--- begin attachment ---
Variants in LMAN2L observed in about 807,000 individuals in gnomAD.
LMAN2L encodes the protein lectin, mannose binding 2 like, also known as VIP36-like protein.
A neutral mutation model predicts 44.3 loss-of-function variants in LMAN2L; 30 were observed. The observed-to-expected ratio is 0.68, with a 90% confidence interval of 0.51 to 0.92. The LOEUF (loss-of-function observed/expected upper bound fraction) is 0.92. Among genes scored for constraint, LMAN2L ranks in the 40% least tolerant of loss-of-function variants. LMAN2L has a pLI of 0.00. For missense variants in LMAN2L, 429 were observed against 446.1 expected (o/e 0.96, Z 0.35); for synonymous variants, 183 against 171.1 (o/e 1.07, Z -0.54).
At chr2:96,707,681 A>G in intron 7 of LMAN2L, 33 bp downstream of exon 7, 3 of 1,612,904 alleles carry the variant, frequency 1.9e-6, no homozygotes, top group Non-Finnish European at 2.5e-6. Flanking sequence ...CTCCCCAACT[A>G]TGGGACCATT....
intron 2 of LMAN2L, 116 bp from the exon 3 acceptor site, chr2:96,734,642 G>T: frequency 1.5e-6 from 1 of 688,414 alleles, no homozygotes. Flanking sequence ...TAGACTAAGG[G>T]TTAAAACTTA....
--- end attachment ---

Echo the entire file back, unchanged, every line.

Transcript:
Variants in LMAN2L observed in about 807,000 individuals in gnomAD.
LMAN2L encodes the protein lectin, mannose binding 2 like, also known as VIP36-like protein.
A neutral mutation model predicts 44.3 loss-of-function variants in LMAN2L; 30 were observed. The observed-to-expected ratio is 0.68, with a 90% confidence interval of 0.51 to 0.92. The LOEUF (loss-of-function observed/expected upper bound fraction) is 0.92. Among genes scored for constraint, LMAN2L ranks in the 40% least tolerant of loss-of-function variants. LMAN2L has a pLI of 0.00. For missense variants in LMAN2L, 429 were observed against 446.1 expected (o/e 0.96, Z 0.35); for synonymous variants, 183 against 171.1 (o/e 1.07, Z -0.54).
At chr2:96,707,681 A>G in intron 7 of LMAN2L, 33 bp downstream of exon 7, 3 of 1,612,904 alleles carry the variant, frequency 1.9e-6, no homozygotes, top group Non-Finnish European at 2.5e-6. Flanking sequence ...CTCCCCAACT[A>G]TGGGACCATT....
intron 2 of LMAN2L, 116 bp from the exon 3 acceptor site, chr2:96,734,642 G>T: frequency 1.5e-6 from 1 of 688,414 alleles, no homozygotes. Flanking sequence ...TAGACTAAGG[G>T]TTAAAACTTA....